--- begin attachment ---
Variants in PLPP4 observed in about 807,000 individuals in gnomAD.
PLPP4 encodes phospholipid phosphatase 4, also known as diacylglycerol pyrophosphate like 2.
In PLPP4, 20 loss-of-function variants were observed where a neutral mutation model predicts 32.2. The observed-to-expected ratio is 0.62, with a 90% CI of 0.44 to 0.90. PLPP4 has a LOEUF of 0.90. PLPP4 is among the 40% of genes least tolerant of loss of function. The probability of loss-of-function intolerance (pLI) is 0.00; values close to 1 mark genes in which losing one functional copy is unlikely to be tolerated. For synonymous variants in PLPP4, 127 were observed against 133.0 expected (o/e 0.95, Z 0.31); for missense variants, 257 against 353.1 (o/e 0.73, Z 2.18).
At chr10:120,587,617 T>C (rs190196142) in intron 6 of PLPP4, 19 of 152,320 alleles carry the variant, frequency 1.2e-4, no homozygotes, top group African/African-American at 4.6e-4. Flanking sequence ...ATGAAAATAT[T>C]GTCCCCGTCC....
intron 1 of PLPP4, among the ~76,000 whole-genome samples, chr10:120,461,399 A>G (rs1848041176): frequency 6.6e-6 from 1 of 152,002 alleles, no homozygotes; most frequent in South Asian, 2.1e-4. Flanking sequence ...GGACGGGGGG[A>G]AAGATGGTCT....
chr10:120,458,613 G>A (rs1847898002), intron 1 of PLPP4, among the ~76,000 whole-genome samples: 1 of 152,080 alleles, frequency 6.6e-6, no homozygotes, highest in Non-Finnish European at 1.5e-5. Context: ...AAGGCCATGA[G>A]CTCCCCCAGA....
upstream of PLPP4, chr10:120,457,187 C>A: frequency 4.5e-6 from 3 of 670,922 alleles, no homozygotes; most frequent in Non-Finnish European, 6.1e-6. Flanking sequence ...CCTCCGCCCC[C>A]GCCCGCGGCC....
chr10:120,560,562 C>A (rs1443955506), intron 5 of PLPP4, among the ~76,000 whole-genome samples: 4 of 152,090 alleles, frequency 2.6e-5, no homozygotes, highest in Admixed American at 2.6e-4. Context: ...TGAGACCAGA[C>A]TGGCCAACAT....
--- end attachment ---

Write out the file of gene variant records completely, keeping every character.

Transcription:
Variants in PLPP4 observed in about 807,000 individuals in gnomAD.
PLPP4 encodes phospholipid phosphatase 4, also known as diacylglycerol pyrophosphate like 2.
In PLPP4, 20 loss-of-function variants were observed where a neutral mutation model predicts 32.2. The observed-to-expected ratio is 0.62, with a 90% CI of 0.44 to 0.90. PLPP4 has a LOEUF of 0.90. PLPP4 is among the 40% of genes least tolerant of loss of function. The probability of loss-of-function intolerance (pLI) is 0.00; values close to 1 mark genes in which losing one functional copy is unlikely to be tolerated. For synonymous variants in PLPP4, 127 were observed against 133.0 expected (o/e 0.95, Z 0.31); for missense variants, 257 against 353.1 (o/e 0.73, Z 2.18).
At chr10:120,587,617 T>C (rs190196142) in intron 6 of PLPP4, 19 of 152,320 alleles carry the variant, frequency 1.2e-4, no homozygotes, top group African/African-American at 4.6e-4. Flanking sequence ...ATGAAAATAT[T>C]GTCCCCGTCC....
intron 1 of PLPP4, among the ~76,000 whole-genome samples, chr10:120,461,399 A>G (rs1848041176): frequency 6.6e-6 from 1 of 152,002 alleles, no homozygotes; most frequent in South Asian, 2.1e-4. Flanking sequence ...GGACGGGGGG[A>G]AAGATGGTCT....
chr10:120,458,613 G>A (rs1847898002), intron 1 of PLPP4, among the ~76,000 whole-genome samples: 1 of 152,080 alleles, frequency 6.6e-6, no homozygotes, highest in Non-Finnish European at 1.5e-5. Context: ...AAGGCCATGA[G>A]CTCCCCCAGA....
upstream of PLPP4, chr10:120,457,187 C>A: frequency 4.5e-6 from 3 of 670,922 alleles, no homozygotes; most frequent in Non-Finnish European, 6.1e-6. Flanking sequence ...CCTCCGCCCC[C>A]GCCCGCGGCC....
chr10:120,560,562 C>A (rs1443955506), intron 5 of PLPP4, among the ~76,000 whole-genome samples: 4 of 152,090 alleles, frequency 2.6e-5, no homozygotes, highest in Admixed American at 2.6e-4. Context: ...TGAGACCAGA[C>A]TGGCCAACAT....